So if I were to take the con article, edit it, and post it around blogs, it would be the same thing as my authoring it? The user is playing editor and distributor, true. But the content is not user generated. It's studio generated and user submitted. The term--user submitted -- has been forgotten for a swankier, although often inaccurate buzzword.

The much vaunted YouTube examples of Mr. Kiley's essay is a user submitted video site with some user generated content, and if he looks at what gets the most views there, it's clips of professional content uploaded by a fan who wants to share it with the world. An edit here or there doesn't change the clip into the user's property or qualify as a creation of an amateur.

There's also the question of how views are measured. If a video has 730,000 views, it means that it was loaded that many times. This number fails to account how much time it was up, how many people watched it multiple times, and how many people actually liked it. Number of hits doesn't necessarily speak of quality or popularity. It could've gotten that many views over several years, with loyal fans and their friends and family watching it six to ten times in that time period, and half of its viewers thought it was junk.

But this doesn't mean that the pro argument is completely right either. Wikipedia is no Twitter. Although it's not the most reliable and dependable encyclopedia to put it mildly, it can provide curious and valuable links to excellent sources of information one might overlook during research. Twitter, on the other hand, is an excuse to be one's own paparazzo on the Web and is an excess of overzealous bloggers.

Robin Jacob Abraham

I don't get your point, frankly. Agreed that Youtube has a lot of brands advertising and competing for reviews, but the control lies entirely in the hand of the end user. The end user decides whether the video deserves the patronage or not, and that is where he plays the editor.

Brent Allsop

Long lists of thousands of individual testimonials or comments on controversial issues is the biggest problem. Who wants to read them all, let alone tally them all up into camps, to get anything out of it all? And who wants to submit the one thousand and first comments nobody will ever get to?

Sherwin Shao

User-generated content, without ratings, is junk. User generated content, with ratings, is gold. While we can't trust the quality of individuals, we can always trust the intentions of the masses.

David J

We have the writers' strike going on right now, with no new content coming anytime soon. There are art, journalism, film, and acting schools and university majors in the various media fields for a good reason.

Could you imagine watching America's Funniest Home Videos all the time? I can barely get through five minutes of the show. User-generated content gets old real fast.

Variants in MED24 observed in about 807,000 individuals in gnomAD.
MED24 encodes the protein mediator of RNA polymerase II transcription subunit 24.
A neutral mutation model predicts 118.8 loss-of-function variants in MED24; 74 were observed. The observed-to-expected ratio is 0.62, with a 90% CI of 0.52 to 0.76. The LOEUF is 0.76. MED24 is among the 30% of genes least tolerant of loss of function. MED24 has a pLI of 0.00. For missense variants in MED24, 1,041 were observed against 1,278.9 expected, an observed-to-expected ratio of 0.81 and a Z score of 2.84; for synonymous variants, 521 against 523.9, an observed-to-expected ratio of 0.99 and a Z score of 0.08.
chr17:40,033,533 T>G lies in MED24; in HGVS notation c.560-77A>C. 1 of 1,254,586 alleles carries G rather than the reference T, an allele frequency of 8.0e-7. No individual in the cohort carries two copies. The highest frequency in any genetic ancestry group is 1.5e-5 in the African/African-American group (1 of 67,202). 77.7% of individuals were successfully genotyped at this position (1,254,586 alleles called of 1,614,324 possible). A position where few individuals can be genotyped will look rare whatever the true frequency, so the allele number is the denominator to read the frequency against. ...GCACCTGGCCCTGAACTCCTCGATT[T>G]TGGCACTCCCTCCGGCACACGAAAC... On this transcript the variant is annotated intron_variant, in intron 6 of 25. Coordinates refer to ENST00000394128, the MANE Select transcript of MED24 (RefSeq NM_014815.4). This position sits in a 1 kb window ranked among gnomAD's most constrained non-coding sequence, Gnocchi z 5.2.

"We can always trust the intentions of the masses."

Like in 1940s Germany. The masses sure knew what they were doing there.


Cat soup? That video was total crap.


If you think user-generated content is junk, surely essays written by elementary students are junk also.


User-generated material draws attention to the user. Superior material draws attention to the idea itself.


I just can't stand the advertisements.


Sherwin Shao said "User generated content, with ratings, is gold" above.

I totally agree. I recently found the site, where anybody can write their own articles. Articles are then ranked by other writers in what is said to be a game-proof system, and only the best articles rise to the top.

It certainly works for me.


This "debate" is nothing more than evidence of how threatened you elitist East Coast media snobs feel when you see the erosion of your monopoly on information control. Without loser-generated content, how would I know what Chet in Beloit had for lunch at Taco Bell on Monday?


"Most valuable content is professionally made."

Valuable to the producer or valuable to the consumer?

It seems clear from the comments above that the consumer often finds little distinction in real value between the two.

Perry Yu

Certainly not all UGC is junk. Look at the comments in this Debate Room here. BusinessWeek 2.0 solicits its readers, or "users," to give instant "letters to the editor," responses that would not have been possible with the traditional mode of news or information distribution and feedback. UGC is all about more efficient and timely communication and sharing, and more choices. The consumer of UGC media can subjectively decide on the quality and value of the content according to his or her own interests and needs.


I believe any person reading and writing comments here, positive or negative, values UGC. What's the point otherwise?


I will choose youtube over TV any day. Personally for me, TV is just a new image of retelling the same storylines. Predictable and no sense of reality. At least with youtube, I relate to the people making them.